PSY 307 - Educational Psychology (also TPP 307) Fall/Spring EC

Principles of psychology relevant to the theory and practice of education. Through selected readings, discussion, and classroom observations, students study theories of development, learning, cognition (including literacy), and motivation, as well as individual and group differences in these areas; assessment; and the social psychology of the classroom. The course focuses on how learning by children and adolescents at the elementary, middle, and secondary school levels is influenced by their own characteristics and experiences and the various contexts in which they learn: family, school, community and culture. One three-hour seminar. M. Glat

PSY 309 - Psychology of Language (also LIN 309) Fall EC

The cognitive processes underlying the use and understanding of language, and in learning to speak. Topics include speech production and perception, grammar and meaning, knowledge and words, and pragmatic aspects of language. Two lectures, one preceptorial. A. Goldberg

PSY 310 - Psychology of Thinking Not offered this year EC

The study of human problem solving, reasoning, and decision making. Phenomena of interest include thinking in everyday situations and contexts as well as in more specialized areas, such as logic, mathematics, and the sciences. Two lectures, one preceptorial. Prerequisite: 255 or instructor's permission. Staff

PSY 311 - Rationality and Human Reasoning Not offered this year EC

An examination of the fundamental theories of belief and decision, from both the normative and descriptive perspectives. Utility, logic, probability, and abduction will be considered, with additional topics drawn from computability theory and from collective choice. Two lectures, one preceptorial. Staff

PSY 313 - Interpersonal Perception Not offered this year EC

Considers how one infers the motives, dispositions, and abilities of other persons. Next examines how these inferential processes are used to draw inferences about oneself. Students will design an original experiment (with consultation). Two lectures, one preceptorial. Prerequisite: 252 or instructor's permission. Staff

PSY 314 - Research Methods in Social Psychology Not offered this year SA

An examination of the various methods by which social psychologists conduct research, including laboratory and field experiments, quasi-experiments, survey research, and naturalistic observation. Over the course of the semester, students will design and conduct social psychological research using these methods. Although valuable for all psychology majors, this course will be particularly useful for those who anticipate completing a senior thesis based on empirical research. Prerequisites: 251 or permission of instructor. One three-hour seminar. Staff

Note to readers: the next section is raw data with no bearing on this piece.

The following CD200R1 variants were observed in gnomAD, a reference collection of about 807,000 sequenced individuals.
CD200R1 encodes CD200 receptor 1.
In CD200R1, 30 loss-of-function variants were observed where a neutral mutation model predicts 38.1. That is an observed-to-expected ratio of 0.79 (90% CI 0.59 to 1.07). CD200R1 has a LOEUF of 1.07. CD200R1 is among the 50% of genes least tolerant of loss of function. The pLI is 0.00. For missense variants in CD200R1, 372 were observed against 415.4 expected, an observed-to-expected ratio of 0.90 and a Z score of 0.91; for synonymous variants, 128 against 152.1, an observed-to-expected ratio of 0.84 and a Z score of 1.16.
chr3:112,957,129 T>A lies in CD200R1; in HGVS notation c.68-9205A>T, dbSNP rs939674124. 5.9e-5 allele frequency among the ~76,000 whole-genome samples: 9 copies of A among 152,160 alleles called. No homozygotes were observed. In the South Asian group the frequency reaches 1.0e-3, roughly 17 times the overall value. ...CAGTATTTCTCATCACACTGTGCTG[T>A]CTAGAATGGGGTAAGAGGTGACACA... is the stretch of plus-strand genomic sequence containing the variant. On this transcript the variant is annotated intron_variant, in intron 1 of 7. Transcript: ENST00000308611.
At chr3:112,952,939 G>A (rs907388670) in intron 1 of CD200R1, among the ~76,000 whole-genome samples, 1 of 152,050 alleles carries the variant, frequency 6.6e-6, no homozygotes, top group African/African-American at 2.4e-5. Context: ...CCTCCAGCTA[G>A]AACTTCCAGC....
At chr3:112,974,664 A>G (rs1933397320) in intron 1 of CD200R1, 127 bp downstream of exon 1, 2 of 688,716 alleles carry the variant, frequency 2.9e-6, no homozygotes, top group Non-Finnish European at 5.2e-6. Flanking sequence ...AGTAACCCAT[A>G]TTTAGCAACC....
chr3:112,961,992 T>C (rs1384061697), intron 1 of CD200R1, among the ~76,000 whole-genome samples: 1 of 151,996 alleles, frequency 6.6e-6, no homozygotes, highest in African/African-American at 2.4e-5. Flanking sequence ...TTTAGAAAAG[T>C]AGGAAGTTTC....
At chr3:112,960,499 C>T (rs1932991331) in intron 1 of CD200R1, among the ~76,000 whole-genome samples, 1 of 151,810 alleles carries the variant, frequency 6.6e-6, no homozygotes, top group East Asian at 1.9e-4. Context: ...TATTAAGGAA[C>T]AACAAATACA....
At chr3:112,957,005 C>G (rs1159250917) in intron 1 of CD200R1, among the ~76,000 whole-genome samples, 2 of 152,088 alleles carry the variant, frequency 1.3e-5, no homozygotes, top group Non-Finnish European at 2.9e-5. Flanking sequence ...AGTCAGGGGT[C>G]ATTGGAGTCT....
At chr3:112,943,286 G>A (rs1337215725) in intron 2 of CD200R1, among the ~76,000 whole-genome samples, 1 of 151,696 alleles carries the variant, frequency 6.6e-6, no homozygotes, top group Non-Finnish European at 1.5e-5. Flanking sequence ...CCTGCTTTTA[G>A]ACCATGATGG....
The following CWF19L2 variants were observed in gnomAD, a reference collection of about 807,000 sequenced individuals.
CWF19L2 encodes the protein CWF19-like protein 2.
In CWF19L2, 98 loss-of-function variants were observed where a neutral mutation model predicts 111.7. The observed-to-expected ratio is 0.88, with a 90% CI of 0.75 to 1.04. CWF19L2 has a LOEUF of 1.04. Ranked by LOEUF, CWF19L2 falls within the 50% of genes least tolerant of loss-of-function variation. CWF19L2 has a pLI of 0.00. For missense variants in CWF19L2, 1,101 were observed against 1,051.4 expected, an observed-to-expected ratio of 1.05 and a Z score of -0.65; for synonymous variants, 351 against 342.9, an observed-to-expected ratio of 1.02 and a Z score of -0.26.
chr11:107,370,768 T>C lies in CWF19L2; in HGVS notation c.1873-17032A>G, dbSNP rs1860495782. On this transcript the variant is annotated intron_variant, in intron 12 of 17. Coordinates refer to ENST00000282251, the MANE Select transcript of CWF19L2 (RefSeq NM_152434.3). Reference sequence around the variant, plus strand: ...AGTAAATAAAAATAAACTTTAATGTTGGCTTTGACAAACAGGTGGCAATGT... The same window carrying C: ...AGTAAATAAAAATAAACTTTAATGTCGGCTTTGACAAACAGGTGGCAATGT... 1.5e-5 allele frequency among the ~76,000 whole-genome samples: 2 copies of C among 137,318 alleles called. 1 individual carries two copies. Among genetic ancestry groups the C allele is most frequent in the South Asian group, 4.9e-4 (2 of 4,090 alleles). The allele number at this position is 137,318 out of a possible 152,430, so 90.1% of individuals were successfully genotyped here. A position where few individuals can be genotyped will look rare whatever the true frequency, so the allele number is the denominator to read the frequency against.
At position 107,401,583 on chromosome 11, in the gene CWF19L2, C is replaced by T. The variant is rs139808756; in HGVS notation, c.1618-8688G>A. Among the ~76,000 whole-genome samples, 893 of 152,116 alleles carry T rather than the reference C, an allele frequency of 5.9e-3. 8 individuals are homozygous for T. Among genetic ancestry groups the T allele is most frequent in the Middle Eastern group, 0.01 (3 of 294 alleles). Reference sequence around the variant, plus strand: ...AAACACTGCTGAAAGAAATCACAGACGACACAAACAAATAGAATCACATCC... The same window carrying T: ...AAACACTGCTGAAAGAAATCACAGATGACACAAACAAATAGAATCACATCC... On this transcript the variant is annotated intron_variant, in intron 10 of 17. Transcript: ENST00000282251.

PSY 319 - Childhood Psychopathology Not offered this year SA

An examination of the major forms of childhood psychopathology. Causal roles played by individual factors, traumatic events, the family, school, and community as well as the prevention and treatment of childhood disorders will also be examined. One three-hour seminar. Prerequisites: 207 and 254. Offered in alternate years. Staff

PSY 320 - Psychotherapy Theories and Skills: Connecting the Clinic, Lab, and Everyday Life Spring SA

This course will review key psychotherapeutic skills from dominant therapeutic modalities. We will learn about the theoretical and empirical backing for each skill and then practice applying them to achieve goals in our own lives. Students will gain knowledge of the science and practice of psychotherapy as well as concrete skills in applying therapeutic techniques in their own lives. Lecture and one preceptorial. E. Nook

PSY 321 - The Psychology of Decision Making and Judgment (also SPI 340) Spring EC

PSY 322 - Human-Machine Interaction (also ORF 322) Not offered this year EC

A multidisciplinary study of the fundamentals of human-machine interactions from both the human psychology/philosophy side and the machine engineering and design side. Philosophical, psychological, and engineering models of the human processor. Functional differences between people and machines, the nature of consciousness and intelligence, massively parallel computing and neural networks, and the concept of resonant synergism in human-machine interactions. Two 90-minute lectures; three laboratories during semester. A. Kornhauser, P. Johnson-Laird, J. Cooper